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Structural and functional characterization of novel mimicry epitopes as potential triggers of multiple sclerosis and heart autoimmunity
Even though most humans carry autoreactive cells in their naïve peripheral repertoires, autoimmune responses do not ensue spontaneously. How this tolerance is maintained is a fundamental question. It has been suggested that environmental microbes that bear sequences similar to self-antigens can break self-tolerance by cross-reactivity. Using bioinformatics tools, we attempted to identify microbes that carry sequences identical to myelin proteolipid protein (PLP) 139-151 and cardiac myosin heavy chain (Myhc)-α 334-352, which induce experimental autoimmune encephalomyelitis (EAE) and experimental autoimmune myocarditis (EAM), respectively, in SJL (H-2 s) and A/J (H-2a) mice. These investigations led us to discover that Acanthamoeba castellanii, a pathogen of the human central nervous system (CNS), contains mimicry sequences for multiple myelin antigens, importantly PLP 139-151 and myelin basic protein (MBP) 89-101. Similar analysis for Myhc-α 334-352 revealed identification of four sequences, with one each from Bacillus spp., Cryptococcus neoformans, Magnetospirillum gryphiswaldense, and Zea mays. Expectedly, all the mimics induced the features of EAE or EAM reminiscent of the disease phenotypes produced by their corresponding cognate peptides, by generating T helper (Th) 1 and Th17 cytokine-producing cross-reactive CD4 T cells. Importantly, derivation of a homology model for the MBP mimic complexed with human leukocyte antigen-DR2 suggests that A. castellanii has the potential to predispose to CNS autoimmunity by generating MBP 85-99-reactive T cells in those exposed. Finally, by establishing an infection model, we demonstrated that SJL mice infected with A. castellanii show the generation of encephalitogenic CD4 T cells, thus providing a proof-of concept that autoreactive cells can contribute to the pathogenesis of Acanthamoeba infections. Future investigations may involve determination of Acanthamoeba exposure in multiple sclerosis patients by evaluating cross-reactive immune responses. In the long term, our data may provide a basis for considering autoimmunity in the therapy for patients affected with amoebic encephalitis. Likewise, the data obtained with the EAM model support the notion that environmental microbes, which are otherwise innocuous, can induce heart autoimmunity by generating pathogenic cross-reactive immune responses.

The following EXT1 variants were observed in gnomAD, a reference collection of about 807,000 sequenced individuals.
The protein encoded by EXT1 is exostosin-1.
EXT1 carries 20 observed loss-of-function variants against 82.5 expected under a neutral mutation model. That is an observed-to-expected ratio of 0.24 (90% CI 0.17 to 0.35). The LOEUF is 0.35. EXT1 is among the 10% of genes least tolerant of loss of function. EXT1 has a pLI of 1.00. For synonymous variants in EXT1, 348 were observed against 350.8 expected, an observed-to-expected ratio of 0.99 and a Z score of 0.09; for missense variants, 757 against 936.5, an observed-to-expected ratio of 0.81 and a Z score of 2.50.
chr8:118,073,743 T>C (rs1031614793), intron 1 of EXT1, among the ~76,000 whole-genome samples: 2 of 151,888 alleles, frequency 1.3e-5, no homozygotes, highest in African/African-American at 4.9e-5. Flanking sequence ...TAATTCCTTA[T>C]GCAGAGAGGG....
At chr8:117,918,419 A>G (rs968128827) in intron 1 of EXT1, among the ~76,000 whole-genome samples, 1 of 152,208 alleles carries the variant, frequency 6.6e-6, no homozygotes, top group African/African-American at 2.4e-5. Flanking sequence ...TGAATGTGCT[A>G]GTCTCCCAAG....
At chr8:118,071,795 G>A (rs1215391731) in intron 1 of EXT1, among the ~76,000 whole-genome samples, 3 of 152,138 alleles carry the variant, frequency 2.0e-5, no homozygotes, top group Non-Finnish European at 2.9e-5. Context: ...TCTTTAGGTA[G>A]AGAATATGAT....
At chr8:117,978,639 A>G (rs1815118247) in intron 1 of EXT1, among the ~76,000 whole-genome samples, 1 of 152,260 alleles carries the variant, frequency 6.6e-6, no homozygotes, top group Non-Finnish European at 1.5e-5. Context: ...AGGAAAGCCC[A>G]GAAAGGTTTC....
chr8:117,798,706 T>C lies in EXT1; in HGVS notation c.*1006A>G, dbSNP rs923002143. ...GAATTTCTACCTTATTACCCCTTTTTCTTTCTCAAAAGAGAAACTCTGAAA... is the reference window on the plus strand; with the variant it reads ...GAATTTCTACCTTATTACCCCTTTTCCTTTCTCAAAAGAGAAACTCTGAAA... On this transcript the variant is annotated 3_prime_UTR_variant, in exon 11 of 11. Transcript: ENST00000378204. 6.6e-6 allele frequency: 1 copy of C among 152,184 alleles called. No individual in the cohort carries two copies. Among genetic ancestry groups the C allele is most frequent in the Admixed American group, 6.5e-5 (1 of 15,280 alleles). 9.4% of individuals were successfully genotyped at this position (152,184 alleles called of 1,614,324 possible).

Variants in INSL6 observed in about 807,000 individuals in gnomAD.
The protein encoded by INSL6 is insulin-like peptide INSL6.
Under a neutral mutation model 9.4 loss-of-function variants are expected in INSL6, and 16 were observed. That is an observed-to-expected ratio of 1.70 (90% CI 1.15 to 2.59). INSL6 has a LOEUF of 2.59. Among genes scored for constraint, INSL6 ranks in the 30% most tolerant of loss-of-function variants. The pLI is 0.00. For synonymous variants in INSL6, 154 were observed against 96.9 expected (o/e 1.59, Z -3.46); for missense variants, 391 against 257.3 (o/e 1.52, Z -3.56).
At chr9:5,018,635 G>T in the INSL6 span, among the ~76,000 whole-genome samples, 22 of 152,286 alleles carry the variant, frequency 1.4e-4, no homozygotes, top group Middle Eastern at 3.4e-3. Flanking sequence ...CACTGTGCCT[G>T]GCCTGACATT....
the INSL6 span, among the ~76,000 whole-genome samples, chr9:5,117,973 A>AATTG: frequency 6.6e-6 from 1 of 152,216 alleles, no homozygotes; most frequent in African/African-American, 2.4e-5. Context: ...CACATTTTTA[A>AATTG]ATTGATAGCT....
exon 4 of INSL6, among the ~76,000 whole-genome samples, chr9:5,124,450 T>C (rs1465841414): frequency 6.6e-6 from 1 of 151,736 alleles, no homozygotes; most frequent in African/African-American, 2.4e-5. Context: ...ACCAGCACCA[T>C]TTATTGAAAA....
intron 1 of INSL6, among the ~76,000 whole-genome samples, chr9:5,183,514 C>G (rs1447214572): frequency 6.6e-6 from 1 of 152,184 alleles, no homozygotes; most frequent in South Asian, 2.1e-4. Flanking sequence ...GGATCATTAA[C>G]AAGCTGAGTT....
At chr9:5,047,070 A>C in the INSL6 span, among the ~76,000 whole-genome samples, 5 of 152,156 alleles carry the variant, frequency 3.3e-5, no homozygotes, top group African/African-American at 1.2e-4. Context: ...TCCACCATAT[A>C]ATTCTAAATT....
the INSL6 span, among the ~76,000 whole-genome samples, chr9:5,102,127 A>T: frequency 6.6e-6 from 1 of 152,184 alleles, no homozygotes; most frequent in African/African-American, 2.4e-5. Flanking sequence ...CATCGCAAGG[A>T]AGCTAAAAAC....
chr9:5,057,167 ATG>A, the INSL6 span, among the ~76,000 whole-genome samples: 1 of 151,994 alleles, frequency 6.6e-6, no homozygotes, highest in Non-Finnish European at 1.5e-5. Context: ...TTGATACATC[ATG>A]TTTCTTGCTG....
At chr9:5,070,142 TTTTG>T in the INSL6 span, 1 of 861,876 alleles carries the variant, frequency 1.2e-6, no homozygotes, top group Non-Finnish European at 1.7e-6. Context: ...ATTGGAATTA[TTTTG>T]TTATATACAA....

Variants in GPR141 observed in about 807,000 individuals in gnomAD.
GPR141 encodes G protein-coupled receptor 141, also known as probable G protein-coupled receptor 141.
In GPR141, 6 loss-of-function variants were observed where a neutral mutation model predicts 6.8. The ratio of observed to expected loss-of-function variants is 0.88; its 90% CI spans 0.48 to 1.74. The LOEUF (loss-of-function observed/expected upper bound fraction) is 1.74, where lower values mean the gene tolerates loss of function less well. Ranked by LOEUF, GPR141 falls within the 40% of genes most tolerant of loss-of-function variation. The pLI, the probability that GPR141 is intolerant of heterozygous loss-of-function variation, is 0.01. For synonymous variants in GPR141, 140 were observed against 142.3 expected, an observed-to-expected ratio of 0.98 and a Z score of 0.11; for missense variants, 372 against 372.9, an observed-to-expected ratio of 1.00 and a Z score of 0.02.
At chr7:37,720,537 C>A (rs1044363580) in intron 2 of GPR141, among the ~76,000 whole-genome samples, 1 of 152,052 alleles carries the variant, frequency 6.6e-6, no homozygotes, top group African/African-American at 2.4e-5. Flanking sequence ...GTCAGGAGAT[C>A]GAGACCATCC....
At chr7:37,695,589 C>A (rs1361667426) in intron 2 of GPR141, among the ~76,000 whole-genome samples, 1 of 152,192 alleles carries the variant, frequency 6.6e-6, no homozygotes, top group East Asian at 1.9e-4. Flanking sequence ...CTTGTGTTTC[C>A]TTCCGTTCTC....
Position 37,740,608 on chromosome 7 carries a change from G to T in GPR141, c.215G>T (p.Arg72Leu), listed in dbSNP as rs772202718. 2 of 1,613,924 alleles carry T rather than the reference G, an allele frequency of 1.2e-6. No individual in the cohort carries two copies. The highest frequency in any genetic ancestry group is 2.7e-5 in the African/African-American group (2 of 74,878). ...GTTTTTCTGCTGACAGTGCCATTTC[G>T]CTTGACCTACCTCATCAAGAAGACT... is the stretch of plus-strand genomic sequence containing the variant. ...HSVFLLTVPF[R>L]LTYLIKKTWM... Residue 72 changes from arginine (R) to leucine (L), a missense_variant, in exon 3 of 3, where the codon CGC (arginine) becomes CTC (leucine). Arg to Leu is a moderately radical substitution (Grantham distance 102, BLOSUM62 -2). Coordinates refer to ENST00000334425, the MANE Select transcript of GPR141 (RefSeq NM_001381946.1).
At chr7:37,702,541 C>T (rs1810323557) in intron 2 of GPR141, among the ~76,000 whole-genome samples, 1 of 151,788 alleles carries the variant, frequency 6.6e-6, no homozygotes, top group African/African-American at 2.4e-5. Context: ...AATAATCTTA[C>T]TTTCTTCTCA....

Massilamany, Chandirasegaran, "Structural and functional characterization of novel mimicry epitopes as potential triggers of multiple sclerosis and heart autoimmunity" (2013). ETD collection for University of Nebraska - Lincoln. AAI3557997.